1 month ago
How I grew my business to a $5 million annual recurring revenue
Scaling your startup requires answering customer demands, not growth tricks.
I cofounded Freedo Rentals in 2019. I reached 50 lakh+ ARR in 6 months before quitting owing to the epidemic.
Freedo aimed to solve 2 customer pain points:
Users lacked a reliable last-mile transportation option.
The amount that Auto walas charge for unmetered services
Build ports at high-demand spots (colleges, residential societies, metros). Electric ride-sharing can meet demand.
We had many problems scaling. I'll explain using the AARRR model.
Brand unfamiliarity or a novel product offering were the problems with awareness. Nobody knew what Freedo was or what it did.
Problem with awareness: Content and advertisements did a poor job of communicating the task at hand. The advertisements clashed with the white-collar part because they were too cheesy.
Retention Issue: We encountered issues, indicating that the product was insufficient. Problems with keyless entry, creating bills, stealing helmets, etc.
Retention/Revenue Issue: Costly compared to established rivals. Shared cars were 1/3 of our cost.
Referral Issue: Missing the opportunity to seize the AHA moment. After the ride, nobody remembered us.
Once you know where you're struggling with AARRR, iterative solutions are usually best.
Once you have nailed the AARRR model, most startups use paid channels to scale. This dependence, on paid channels, increases with scale unless you crack your organic/inbound game.
Over-index growth loops. Growth loops increase inflow and customers as you scale.
When considering growth, ask yourself:
Who is the solution's ICP (Ideal Customer Profile)? (To whom are you selling)
What are the most important messages I should convey to customers? (This is an A/B test.)
Which marketing channels ought I prioritize? (Conduct analysis based on the startup's maturity/stage.)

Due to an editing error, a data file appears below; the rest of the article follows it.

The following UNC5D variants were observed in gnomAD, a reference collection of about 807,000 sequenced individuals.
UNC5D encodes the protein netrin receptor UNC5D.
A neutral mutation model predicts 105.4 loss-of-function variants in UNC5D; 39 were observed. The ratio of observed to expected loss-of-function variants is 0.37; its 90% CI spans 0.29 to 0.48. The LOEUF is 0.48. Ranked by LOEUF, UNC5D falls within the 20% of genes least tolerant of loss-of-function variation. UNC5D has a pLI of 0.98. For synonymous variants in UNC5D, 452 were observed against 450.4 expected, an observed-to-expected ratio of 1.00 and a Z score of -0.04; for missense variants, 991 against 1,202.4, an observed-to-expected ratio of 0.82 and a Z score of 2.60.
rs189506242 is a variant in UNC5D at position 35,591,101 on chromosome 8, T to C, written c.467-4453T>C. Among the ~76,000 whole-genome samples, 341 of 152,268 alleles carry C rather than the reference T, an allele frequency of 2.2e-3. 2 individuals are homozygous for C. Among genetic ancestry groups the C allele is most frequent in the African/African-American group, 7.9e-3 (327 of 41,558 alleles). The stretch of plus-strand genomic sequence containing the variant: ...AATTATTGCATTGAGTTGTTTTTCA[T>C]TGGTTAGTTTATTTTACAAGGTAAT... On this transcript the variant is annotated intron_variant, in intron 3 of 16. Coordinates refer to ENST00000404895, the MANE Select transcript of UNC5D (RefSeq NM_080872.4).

Choose the important metrics to monitor for your AARRR funnel (not all metrics are equal)
Identify the Flywheel effect's growth loops (inertia matters)
My biggest mistakes:
not paying attention to consumer comments or satisfaction. It is the main cause of problems with referrals, retention, and acquisition for startups. Beyond your NPS, you should consider second-order consequences.
The tasks at hand should be quite clear.
Here's my scaling equation:
Growth = A x B x C
A = Funnel top (Traffic)
B = Product Valuation (Solving a real pain point)
C = Aha! (Emotional response)
Freedo's A, B, and C created a unique offering.
A — Working or Studying population in NCR
B — Electric Vehicles provide last-mile mobility as a clean and affordable solution
C — One click booking with a no-noise scooter
FWe scaled Freedo to Rs. 50 lakh MRR and were growing 60% month on month till the pandemic ceased our growth story.
How we did it?
We tried ambassadors and coupons. WhatsApp was our most successful A/B test.
We grew widespread adoption through college and society WhatsApp groups. We requested users for referrals in community groups.
What worked for us won't work for others. This scale underwent many revisions.
Every firm is different, thus you must know your customers. Needs to determine which channel to prioritize and when.
Users desired a safe, time-bound means to get there.
This (not mine) growth framework helped me a lot. You should follow suit.
2 months ago
Growth tactics that grew businesses from 1 to 100
Everyone wants a scalable startup.
Innovation helps launch a startup. The secret to a scalable business is growth trials (from 1 to 100).